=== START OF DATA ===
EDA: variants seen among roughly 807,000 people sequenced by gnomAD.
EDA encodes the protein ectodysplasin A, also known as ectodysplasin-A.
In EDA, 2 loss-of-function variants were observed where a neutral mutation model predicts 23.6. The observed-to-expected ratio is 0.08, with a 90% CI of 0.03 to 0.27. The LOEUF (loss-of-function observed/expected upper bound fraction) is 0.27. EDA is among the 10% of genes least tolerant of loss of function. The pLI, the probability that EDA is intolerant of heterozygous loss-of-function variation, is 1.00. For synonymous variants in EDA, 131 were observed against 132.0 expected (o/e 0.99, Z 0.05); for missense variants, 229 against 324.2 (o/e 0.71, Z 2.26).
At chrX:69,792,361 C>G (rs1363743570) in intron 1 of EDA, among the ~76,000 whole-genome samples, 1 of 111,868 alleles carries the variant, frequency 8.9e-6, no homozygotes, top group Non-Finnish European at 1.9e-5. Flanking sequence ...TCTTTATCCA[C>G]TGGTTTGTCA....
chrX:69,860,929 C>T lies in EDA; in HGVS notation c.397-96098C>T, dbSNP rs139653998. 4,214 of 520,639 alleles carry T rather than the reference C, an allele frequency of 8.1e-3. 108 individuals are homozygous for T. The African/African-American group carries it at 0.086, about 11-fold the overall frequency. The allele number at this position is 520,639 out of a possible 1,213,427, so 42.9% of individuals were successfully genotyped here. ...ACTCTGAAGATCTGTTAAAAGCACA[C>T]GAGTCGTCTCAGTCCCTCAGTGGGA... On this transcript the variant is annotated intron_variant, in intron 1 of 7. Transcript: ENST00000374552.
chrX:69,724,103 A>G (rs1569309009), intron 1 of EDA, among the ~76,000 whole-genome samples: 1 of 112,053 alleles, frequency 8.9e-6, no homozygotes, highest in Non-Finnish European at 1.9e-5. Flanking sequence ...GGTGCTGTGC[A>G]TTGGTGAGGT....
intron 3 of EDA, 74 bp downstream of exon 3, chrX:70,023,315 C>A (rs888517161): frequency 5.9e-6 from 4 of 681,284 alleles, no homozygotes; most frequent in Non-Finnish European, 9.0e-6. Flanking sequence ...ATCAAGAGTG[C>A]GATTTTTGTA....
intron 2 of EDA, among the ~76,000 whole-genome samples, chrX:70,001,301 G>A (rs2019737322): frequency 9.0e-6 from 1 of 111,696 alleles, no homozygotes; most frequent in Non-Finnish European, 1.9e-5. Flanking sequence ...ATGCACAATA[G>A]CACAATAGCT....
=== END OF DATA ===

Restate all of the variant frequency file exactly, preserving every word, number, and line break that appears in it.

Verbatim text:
EDA: variants seen among roughly 807,000 people sequenced by gnomAD.
EDA encodes the protein ectodysplasin A, also known as ectodysplasin-A.
In EDA, 2 loss-of-function variants were observed where a neutral mutation model predicts 23.6. The observed-to-expected ratio is 0.08, with a 90% CI of 0.03 to 0.27. The LOEUF (loss-of-function observed/expected upper bound fraction) is 0.27. EDA is among the 10% of genes least tolerant of loss of function. The pLI, the probability that EDA is intolerant of heterozygous loss-of-function variation, is 1.00. For synonymous variants in EDA, 131 were observed against 132.0 expected (o/e 0.99, Z 0.05); for missense variants, 229 against 324.2 (o/e 0.71, Z 2.26).
At chrX:69,792,361 C>G (rs1363743570) in intron 1 of EDA, among the ~76,000 whole-genome samples, 1 of 111,868 alleles carries the variant, frequency 8.9e-6, no homozygotes, top group Non-Finnish European at 1.9e-5. Flanking sequence ...TCTTTATCCA[C>G]TGGTTTGTCA....
chrX:69,860,929 C>T lies in EDA; in HGVS notation c.397-96098C>T, dbSNP rs139653998. 4,214 of 520,639 alleles carry T rather than the reference C, an allele frequency of 8.1e-3. 108 individuals are homozygous for T. The African/African-American group carries it at 0.086, about 11-fold the overall frequency. The allele number at this position is 520,639 out of a possible 1,213,427, so 42.9% of individuals were successfully genotyped here. ...ACTCTGAAGATCTGTTAAAAGCACA[C>T]GAGTCGTCTCAGTCCCTCAGTGGGA... On this transcript the variant is annotated intron_variant, in intron 1 of 7. Transcript: ENST00000374552.
chrX:69,724,103 A>G (rs1569309009), intron 1 of EDA, among the ~76,000 whole-genome samples: 1 of 112,053 alleles, frequency 8.9e-6, no homozygotes, highest in Non-Finnish European at 1.9e-5. Flanking sequence ...GGTGCTGTGC[A>G]TTGGTGAGGT....
intron 3 of EDA, 74 bp downstream of exon 3, chrX:70,023,315 C>A (rs888517161): frequency 5.9e-6 from 4 of 681,284 alleles, no homozygotes; most frequent in Non-Finnish European, 9.0e-6. Flanking sequence ...ATCAAGAGTG[C>A]GATTTTTGTA....
intron 2 of EDA, among the ~76,000 whole-genome samples, chrX:70,001,301 G>A (rs2019737322): frequency 9.0e-6 from 1 of 111,696 alleles, no homozygotes; most frequent in Non-Finnish European, 1.9e-5. Flanking sequence ...ATGCACAATA[G>A]CACAATAGCT....